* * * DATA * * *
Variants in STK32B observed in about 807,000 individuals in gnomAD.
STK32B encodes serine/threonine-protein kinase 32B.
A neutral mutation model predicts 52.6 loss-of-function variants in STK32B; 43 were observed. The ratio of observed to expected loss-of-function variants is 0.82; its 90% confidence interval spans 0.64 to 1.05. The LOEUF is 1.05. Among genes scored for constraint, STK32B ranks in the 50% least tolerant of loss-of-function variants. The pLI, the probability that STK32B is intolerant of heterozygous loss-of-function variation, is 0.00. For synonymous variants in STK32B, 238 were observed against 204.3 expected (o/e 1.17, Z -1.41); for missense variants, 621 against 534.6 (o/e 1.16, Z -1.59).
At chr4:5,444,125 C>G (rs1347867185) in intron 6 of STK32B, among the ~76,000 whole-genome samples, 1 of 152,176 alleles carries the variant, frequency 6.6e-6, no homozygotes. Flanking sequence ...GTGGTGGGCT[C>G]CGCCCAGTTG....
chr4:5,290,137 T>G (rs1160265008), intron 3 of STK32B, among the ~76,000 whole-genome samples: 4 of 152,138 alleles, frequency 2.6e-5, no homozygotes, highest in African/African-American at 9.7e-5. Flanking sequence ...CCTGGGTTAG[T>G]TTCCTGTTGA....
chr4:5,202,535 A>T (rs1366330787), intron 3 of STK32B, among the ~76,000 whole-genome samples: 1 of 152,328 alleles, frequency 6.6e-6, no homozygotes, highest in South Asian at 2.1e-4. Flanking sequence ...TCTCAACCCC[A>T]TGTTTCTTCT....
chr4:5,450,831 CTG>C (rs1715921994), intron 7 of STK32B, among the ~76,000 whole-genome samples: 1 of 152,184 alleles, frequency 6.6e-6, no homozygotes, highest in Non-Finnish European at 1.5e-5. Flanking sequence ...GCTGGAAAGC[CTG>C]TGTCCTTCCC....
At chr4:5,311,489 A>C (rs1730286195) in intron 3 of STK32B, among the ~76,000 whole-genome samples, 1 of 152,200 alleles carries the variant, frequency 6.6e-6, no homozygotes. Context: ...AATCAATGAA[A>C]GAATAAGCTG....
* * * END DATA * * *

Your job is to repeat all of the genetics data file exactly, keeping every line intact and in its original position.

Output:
Variants in STK32B observed in about 807,000 individuals in gnomAD.
STK32B encodes serine/threonine-protein kinase 32B.
A neutral mutation model predicts 52.6 loss-of-function variants in STK32B; 43 were observed. The ratio of observed to expected loss-of-function variants is 0.82; its 90% confidence interval spans 0.64 to 1.05. The LOEUF is 1.05. Among genes scored for constraint, STK32B ranks in the 50% least tolerant of loss-of-function variants. The pLI, the probability that STK32B is intolerant of heterozygous loss-of-function variation, is 0.00. For synonymous variants in STK32B, 238 were observed against 204.3 expected (o/e 1.17, Z -1.41); for missense variants, 621 against 534.6 (o/e 1.16, Z -1.59).
At chr4:5,444,125 C>G (rs1347867185) in intron 6 of STK32B, among the ~76,000 whole-genome samples, 1 of 152,176 alleles carries the variant, frequency 6.6e-6, no homozygotes. Flanking sequence ...GTGGTGGGCT[C>G]CGCCCAGTTG....
chr4:5,290,137 T>G (rs1160265008), intron 3 of STK32B, among the ~76,000 whole-genome samples: 4 of 152,138 alleles, frequency 2.6e-5, no homozygotes, highest in African/African-American at 9.7e-5. Flanking sequence ...CCTGGGTTAG[T>G]TTCCTGTTGA....
chr4:5,202,535 A>T (rs1366330787), intron 3 of STK32B, among the ~76,000 whole-genome samples: 1 of 152,328 alleles, frequency 6.6e-6, no homozygotes, highest in South Asian at 2.1e-4. Flanking sequence ...TCTCAACCCC[A>T]TGTTTCTTCT....
chr4:5,450,831 CTG>C (rs1715921994), intron 7 of STK32B, among the ~76,000 whole-genome samples: 1 of 152,184 alleles, frequency 6.6e-6, no homozygotes, highest in Non-Finnish European at 1.5e-5. Flanking sequence ...GCTGGAAAGC[CTG>C]TGTCCTTCCC....
At chr4:5,311,489 A>C (rs1730286195) in intron 3 of STK32B, among the ~76,000 whole-genome samples, 1 of 152,200 alleles carries the variant, frequency 6.6e-6, no homozygotes. Context: ...AATCAATGAA[A>C]GAATAAGCTG....